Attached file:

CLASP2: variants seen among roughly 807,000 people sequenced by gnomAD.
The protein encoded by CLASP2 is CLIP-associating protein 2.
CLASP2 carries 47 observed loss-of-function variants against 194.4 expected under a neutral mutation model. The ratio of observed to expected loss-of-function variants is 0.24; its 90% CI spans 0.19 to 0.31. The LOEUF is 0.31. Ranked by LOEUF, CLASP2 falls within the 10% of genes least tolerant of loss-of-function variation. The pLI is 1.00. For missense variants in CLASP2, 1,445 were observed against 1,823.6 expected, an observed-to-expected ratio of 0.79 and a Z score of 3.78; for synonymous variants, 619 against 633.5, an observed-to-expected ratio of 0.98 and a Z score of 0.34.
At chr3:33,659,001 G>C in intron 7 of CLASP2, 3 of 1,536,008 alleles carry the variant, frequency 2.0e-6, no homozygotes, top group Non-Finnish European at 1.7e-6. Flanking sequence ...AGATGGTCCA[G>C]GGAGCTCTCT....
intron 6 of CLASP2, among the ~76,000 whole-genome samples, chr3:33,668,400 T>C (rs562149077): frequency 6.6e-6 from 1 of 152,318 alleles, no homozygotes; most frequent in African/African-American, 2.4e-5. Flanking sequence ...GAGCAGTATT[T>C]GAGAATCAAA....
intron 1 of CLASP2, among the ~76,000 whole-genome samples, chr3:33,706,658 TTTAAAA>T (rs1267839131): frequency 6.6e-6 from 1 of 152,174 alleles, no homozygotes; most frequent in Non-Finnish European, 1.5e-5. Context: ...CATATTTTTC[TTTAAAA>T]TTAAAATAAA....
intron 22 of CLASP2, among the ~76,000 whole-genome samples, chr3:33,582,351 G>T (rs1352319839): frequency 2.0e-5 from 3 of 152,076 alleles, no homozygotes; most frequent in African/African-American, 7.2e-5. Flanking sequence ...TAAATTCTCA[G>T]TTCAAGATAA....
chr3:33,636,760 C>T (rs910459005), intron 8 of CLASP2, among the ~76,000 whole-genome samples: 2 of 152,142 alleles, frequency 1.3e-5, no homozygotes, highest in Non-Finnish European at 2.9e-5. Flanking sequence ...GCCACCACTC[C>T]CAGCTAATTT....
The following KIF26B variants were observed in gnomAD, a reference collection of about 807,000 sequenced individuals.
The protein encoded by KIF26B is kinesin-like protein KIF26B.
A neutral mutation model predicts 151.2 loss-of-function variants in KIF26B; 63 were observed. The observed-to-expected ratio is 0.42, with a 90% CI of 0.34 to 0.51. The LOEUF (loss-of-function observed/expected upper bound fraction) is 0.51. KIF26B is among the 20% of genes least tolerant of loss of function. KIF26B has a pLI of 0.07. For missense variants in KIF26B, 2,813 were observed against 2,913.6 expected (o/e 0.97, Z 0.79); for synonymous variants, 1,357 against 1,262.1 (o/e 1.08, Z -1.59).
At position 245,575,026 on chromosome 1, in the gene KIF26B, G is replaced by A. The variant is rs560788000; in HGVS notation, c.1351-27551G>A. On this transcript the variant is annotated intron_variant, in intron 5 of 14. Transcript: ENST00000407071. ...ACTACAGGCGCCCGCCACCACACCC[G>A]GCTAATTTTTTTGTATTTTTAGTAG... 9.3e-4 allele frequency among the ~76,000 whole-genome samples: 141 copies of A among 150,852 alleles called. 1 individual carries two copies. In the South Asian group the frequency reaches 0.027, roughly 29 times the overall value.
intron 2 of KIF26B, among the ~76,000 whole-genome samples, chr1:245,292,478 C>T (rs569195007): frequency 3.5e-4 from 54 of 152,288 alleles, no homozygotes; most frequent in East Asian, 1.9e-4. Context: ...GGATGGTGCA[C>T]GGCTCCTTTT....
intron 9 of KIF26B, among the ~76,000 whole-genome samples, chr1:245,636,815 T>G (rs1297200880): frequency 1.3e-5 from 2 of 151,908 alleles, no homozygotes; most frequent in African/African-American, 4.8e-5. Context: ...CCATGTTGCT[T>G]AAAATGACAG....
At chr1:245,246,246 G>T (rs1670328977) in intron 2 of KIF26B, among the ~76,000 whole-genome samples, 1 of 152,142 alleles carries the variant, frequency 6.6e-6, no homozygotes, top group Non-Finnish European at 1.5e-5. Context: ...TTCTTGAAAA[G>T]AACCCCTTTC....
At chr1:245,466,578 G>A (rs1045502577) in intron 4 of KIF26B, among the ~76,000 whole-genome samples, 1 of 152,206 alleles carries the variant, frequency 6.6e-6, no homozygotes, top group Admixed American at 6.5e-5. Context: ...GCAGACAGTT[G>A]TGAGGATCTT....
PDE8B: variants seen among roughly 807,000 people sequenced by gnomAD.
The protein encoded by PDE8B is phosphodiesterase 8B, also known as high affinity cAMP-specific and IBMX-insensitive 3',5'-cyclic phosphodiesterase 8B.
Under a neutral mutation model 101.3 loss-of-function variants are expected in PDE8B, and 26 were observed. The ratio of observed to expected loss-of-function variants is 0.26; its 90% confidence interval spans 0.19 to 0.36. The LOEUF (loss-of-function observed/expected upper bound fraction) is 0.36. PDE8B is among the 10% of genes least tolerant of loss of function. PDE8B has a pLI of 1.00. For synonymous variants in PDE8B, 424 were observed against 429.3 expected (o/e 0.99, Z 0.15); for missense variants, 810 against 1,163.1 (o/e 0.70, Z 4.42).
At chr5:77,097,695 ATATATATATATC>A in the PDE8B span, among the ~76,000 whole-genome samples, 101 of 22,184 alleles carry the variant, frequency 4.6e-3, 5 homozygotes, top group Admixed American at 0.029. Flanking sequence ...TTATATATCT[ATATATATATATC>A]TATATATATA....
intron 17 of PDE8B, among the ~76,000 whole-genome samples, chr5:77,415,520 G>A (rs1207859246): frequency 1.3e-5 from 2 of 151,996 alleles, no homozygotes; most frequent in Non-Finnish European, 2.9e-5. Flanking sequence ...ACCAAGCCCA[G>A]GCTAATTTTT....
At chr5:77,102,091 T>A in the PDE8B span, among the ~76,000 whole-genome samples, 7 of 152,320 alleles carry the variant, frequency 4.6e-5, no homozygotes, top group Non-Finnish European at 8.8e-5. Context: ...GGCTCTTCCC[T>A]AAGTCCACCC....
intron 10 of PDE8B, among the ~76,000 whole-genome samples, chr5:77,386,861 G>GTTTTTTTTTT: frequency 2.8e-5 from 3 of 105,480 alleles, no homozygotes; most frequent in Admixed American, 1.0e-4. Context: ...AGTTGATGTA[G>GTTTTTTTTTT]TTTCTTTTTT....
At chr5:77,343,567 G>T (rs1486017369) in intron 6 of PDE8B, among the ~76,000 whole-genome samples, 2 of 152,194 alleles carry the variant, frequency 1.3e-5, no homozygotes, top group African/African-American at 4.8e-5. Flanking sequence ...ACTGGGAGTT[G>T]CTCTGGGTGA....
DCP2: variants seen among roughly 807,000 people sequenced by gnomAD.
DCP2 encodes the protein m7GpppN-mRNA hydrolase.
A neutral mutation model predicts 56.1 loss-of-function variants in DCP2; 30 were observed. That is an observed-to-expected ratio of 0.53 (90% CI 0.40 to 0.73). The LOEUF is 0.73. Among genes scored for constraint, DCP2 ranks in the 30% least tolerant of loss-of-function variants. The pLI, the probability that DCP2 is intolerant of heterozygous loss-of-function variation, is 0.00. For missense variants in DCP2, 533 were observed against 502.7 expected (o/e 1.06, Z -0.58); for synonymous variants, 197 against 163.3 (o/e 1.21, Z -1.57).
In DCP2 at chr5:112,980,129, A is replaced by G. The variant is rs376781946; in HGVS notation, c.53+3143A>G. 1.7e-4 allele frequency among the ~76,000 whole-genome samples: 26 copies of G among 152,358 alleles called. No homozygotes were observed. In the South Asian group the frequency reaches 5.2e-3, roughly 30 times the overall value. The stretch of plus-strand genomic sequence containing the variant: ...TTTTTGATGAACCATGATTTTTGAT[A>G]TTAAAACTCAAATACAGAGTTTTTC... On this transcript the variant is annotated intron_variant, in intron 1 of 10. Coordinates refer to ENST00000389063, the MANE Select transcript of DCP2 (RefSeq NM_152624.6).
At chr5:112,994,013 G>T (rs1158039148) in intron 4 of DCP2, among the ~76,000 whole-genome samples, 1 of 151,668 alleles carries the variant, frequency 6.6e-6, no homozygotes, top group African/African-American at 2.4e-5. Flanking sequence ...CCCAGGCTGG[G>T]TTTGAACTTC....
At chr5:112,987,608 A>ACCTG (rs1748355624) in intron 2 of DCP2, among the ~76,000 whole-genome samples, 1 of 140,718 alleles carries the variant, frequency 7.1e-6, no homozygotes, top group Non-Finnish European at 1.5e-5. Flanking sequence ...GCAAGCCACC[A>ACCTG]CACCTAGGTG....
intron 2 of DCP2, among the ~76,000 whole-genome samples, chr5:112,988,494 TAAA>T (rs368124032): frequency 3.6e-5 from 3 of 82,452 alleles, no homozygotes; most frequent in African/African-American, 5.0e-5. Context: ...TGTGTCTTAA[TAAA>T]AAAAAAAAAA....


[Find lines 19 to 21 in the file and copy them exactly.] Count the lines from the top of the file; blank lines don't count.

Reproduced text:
Under a neutral mutation model 101.3 loss-of-function variants are expected in PDE8B, and 26 were observed. The ratio of observed to expected loss-of-function variants is 0.26; its 90% confidence interval spans 0.19 to 0.36. The LOEUF (loss-of-function observed/expected upper bound fraction) is 0.36. PDE8B is among the 10% of genes least tolerant of loss of function. PDE8B has a pLI of 1.00. For synonymous variants in PDE8B, 424 were observed against 429.3 expected (o/e 0.99, Z 0.15); for missense variants, 810 against 1,163.1 (o/e 0.70, Z 4.42).
At chr5:77,097,695 ATATATATATATC>A in the PDE8B span, among the ~76,000 whole-genome samples, 101 of 22,184 alleles carry the variant, frequency 4.6e-3, 5 homozygotes, top group Admixed American at 0.029. Flanking sequence ...TTATATATCT[ATATATATATATC>A]TATATATATA....
intron 17 of PDE8B, among the ~76,000 whole-genome samples, chr5:77,415,520 G>A (rs1207859246): frequency 1.3e-5 from 2 of 151,996 alleles, no homozygotes; most frequent in Non-Finnish European, 2.9e-5. Flanking sequence ...ACCAAGCCCA[G>A]GCTAATTTTT....